They say, “Aren’t you worried about how it’s going to cut?” No, because when I’m planning I think in 3D anyway. Even when I’m storyboarding the scene is already thought of in dimension. “When he comes in there, I’ve got a deep two-shot. Should I cover that in singles or not? Will I need a reversal?” You’re already thinking in 3D.
Quint: But will it effect the lighting? My understanding is you have to light 3D brightly for it to really work, which doesn’t seem to fit into the atmospheric mold of an Alien film.
Sir Ridley Scott: You need a stop more. This new (film) stock is running at 800 ASA (ASA being American Standards Association, which sets film speed standards globally). I think when it melts down is will be about as fast (as standard film stock). Normal stock is 500 ASA, so even that is going to be equalized.
I think what people forget is that sometimes you want to fill a little bit more so you have the information in the blacks. So then later, when I grade it, the digital grading will have something to pick up. If there’s nothing to pick up, there’s nothing to pick up.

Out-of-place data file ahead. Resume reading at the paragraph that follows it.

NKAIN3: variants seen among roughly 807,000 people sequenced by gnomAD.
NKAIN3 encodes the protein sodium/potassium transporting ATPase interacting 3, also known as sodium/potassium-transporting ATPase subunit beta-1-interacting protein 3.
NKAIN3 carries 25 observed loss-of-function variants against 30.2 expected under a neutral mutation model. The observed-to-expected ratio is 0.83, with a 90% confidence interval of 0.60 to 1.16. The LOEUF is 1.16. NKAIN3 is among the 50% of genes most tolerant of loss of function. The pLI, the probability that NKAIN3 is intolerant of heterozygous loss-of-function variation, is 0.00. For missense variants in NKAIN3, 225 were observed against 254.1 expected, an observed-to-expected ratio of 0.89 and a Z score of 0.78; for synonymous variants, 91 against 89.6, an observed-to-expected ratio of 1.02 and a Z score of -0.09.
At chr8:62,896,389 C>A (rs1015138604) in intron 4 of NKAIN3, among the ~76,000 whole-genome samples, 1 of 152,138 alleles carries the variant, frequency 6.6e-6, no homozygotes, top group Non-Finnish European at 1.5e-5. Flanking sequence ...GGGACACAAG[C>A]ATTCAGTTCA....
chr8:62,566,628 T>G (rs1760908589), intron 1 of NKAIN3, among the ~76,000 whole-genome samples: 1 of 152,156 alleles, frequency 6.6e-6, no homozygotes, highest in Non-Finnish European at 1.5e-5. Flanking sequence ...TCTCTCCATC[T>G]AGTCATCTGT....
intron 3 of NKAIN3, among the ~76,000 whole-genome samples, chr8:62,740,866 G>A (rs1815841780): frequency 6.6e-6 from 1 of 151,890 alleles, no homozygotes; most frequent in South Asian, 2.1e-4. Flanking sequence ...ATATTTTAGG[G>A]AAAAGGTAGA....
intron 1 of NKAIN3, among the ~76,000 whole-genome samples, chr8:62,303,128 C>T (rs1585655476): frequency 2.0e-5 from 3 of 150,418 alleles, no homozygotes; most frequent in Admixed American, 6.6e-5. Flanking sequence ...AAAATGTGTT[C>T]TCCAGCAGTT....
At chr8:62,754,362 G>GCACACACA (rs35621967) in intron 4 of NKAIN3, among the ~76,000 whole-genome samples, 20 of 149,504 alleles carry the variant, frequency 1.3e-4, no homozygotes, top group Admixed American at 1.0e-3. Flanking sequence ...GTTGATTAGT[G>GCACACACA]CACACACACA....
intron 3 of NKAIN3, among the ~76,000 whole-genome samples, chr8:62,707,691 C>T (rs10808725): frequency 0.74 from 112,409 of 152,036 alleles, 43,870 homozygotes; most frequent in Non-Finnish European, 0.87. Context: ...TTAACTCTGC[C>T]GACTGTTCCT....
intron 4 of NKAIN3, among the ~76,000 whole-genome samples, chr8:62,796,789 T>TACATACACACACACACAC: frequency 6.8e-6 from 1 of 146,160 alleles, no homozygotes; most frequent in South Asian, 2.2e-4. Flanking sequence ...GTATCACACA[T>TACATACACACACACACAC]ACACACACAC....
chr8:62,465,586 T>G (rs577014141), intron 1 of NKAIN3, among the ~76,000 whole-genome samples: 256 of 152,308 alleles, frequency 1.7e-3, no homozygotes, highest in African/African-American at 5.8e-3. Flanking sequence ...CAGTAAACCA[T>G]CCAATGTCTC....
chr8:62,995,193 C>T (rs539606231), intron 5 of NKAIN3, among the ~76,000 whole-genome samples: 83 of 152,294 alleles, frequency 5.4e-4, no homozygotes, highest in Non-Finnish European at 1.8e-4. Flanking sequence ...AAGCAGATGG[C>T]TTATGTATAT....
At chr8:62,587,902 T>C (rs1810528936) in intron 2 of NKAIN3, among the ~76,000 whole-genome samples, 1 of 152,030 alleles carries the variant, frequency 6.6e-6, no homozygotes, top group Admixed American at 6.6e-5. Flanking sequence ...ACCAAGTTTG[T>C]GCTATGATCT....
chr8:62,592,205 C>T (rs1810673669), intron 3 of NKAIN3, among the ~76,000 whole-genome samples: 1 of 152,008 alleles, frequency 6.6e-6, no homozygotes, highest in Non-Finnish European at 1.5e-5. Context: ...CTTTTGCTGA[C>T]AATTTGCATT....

So, you protect yourself, particularly if you’re doing a film where you see a lot of effects shots you want to protect your negative. If I was just pure film, I would worry less about that and shoot for what I want, but because I’m going to go through a phase, or a generation, digitally I have to protect the negative by having information.
Quint: So, as long as the information is there you can go in during post and put whatever shadows you want.
Sir Ridley Scott: Yes. Then later I can take it, if the information is there, and crush it and contrast it.
Quint: Thank you so much for your time. They’re pulling me away here. I’m very much looking forward to seeing what you’ve got in store. I hope we’ll be seeing a lot of real, practical Aliens running around!
Sir Ridley Scott: Yeah, you will!
I’m not terribly sold on 3-D in the Alien universe, but from the above conversation I’m at least convinced that Scott has put a lot of technical and creative thought into the decision and isn’t just jumping on to the 3-D bandwagon.
I could have spent a couple hours talking with Sir Ridley about his career, but who gets that kind of time? I’m lucky to have gotten the 6 minutes I did. I hope you guys enjoyed it!